It's natural for parents to be worried about their kids. We get that. But what about the dad in North Denver concerned his kid might be hit by a semi-truck while walking to school?

Everyone calls him Rey G and he lives pretty close to Garden Place Elementary in the Globeville neighborhood, where one of his daughters goes to school. His kids are the fifth generation in his family to grow up in the neighborhood, so you could say deep roots have been planted. He enjoyed growing up there and wants his kids to, too.

The problem is, he says, the neighborhood isn't as safe as he'd like. It's not because of drugs or violence, but because each day he says freight trucks drive feet away from his front door.

"All these trucks are just coming through here," Rey said. "It's dangerous. You know, you got kids out here. You got kids trying to play."

And Rey has an eight-year-old who walks to school. They live close by, so it's not a far walk. However, he can't help but worry about his daughter because of these trucks that "can kill people."

His concern isn't completely unfounded either. Kayla Birdsong, the executive director of the Growhaus non-profit in the Elyria-Swansea neighborhood - an area facing a similar issue - says one of the organization's volunteers was killed by a semi-truck in October 2016. Birdsong says she was biking home from work.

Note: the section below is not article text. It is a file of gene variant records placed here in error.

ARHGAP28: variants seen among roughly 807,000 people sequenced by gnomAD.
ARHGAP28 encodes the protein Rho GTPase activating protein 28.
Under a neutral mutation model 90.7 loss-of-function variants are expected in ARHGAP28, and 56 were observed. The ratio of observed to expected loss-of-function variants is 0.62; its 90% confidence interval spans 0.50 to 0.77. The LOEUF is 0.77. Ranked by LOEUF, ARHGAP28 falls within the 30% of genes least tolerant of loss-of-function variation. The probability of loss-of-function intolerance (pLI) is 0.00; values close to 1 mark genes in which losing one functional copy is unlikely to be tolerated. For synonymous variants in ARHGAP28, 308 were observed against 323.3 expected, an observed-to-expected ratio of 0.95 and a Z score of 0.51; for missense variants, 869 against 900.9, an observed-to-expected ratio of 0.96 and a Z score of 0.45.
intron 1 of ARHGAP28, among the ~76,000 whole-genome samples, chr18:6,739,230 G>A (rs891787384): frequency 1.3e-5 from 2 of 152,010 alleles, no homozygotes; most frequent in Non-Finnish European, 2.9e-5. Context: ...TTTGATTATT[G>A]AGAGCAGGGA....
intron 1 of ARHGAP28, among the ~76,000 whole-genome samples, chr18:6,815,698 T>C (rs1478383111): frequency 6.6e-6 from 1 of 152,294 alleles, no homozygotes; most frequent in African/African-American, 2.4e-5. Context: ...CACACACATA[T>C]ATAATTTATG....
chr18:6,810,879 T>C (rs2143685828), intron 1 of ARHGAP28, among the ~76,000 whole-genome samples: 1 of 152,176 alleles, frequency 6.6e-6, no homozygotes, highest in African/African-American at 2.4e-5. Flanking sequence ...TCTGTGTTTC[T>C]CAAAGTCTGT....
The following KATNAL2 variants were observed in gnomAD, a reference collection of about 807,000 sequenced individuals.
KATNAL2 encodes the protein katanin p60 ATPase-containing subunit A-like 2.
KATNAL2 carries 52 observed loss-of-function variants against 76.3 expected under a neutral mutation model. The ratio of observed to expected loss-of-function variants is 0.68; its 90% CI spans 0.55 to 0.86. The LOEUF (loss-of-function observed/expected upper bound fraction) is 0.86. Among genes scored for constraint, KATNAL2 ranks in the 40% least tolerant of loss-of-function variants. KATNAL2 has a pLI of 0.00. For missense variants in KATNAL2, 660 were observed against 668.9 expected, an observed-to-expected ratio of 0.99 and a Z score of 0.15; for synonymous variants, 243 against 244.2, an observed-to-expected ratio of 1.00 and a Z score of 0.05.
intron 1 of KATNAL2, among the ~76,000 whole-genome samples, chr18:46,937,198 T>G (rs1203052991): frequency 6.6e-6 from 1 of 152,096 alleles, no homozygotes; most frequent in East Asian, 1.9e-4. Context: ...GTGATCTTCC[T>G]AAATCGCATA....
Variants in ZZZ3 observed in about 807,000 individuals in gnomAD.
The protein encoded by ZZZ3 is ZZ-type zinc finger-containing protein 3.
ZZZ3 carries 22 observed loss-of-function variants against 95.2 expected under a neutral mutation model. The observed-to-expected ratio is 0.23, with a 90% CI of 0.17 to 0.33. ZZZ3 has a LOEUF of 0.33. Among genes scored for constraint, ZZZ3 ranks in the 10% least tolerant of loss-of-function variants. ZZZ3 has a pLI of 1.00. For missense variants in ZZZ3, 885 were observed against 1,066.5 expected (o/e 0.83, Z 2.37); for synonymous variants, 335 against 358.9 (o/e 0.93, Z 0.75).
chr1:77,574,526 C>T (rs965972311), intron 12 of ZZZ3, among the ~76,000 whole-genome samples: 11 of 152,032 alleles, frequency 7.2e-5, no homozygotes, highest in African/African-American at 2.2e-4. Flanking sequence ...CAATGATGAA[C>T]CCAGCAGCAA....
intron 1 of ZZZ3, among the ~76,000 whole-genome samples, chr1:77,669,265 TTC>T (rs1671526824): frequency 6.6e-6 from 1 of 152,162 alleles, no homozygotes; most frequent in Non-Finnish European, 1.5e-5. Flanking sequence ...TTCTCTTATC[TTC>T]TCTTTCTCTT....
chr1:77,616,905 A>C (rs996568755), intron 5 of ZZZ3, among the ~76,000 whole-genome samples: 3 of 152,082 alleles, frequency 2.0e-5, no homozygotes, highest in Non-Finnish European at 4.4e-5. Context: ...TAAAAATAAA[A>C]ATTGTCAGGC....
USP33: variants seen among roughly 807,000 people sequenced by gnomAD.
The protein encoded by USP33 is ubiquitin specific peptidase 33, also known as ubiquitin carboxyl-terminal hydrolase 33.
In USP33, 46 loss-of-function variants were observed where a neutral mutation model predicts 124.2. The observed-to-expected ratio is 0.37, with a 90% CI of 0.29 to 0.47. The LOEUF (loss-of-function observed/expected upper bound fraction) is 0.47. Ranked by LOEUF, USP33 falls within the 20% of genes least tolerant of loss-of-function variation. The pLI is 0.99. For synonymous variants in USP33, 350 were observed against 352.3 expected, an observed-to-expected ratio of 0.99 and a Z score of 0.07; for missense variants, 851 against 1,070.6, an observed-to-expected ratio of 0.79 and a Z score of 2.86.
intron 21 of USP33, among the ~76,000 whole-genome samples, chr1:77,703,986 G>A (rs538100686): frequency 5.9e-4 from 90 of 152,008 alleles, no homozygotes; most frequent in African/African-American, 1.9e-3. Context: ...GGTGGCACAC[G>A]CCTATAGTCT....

Rey's voiced his problem to the Denver City Council and is now teaming up with one of its members, Councilwoman Deborah Ortega. It's a problem that's been going on for too long, she said.

"Where people are just wanting to get off the highway that are not doing local deliveries, that's where the enforcement and the signage become really critical to protect these communities," Ortega said.

Her goal is to curb the problem by creating stricter enforcement of where these freight trucks can drive -- more specifically, where they can't.

"You've got a lot of kids that cross the street to get to school," Ortega said referring to 45th Avenue, which runs right next to Garden Place Elementary. "I mean, if you're driving in a big truck and there's a little kid that darts out, you can't always see them over the hood of your truck."

Besides the issue of safety, Ortega said trucks also create a problem of pollution. The neighborhood Rey lives in is one of the most polluted "in the whole state," she said.

"Eighty percent of the particulate matter from the emission from the trucks impacts the neighborhoods," Ortega said.

In fact, when Rey steps outside of his home, he can "see the smoke on the ground" from the pollution, he said.

Both Rey and Councilwoman Ortega fear the problems of freight trucks driving on residential streets will only get worse when construction to expand I-70 begins. And for that, Ortega thinks "where we can protect the community's health and safety is vital for us to be addressing now."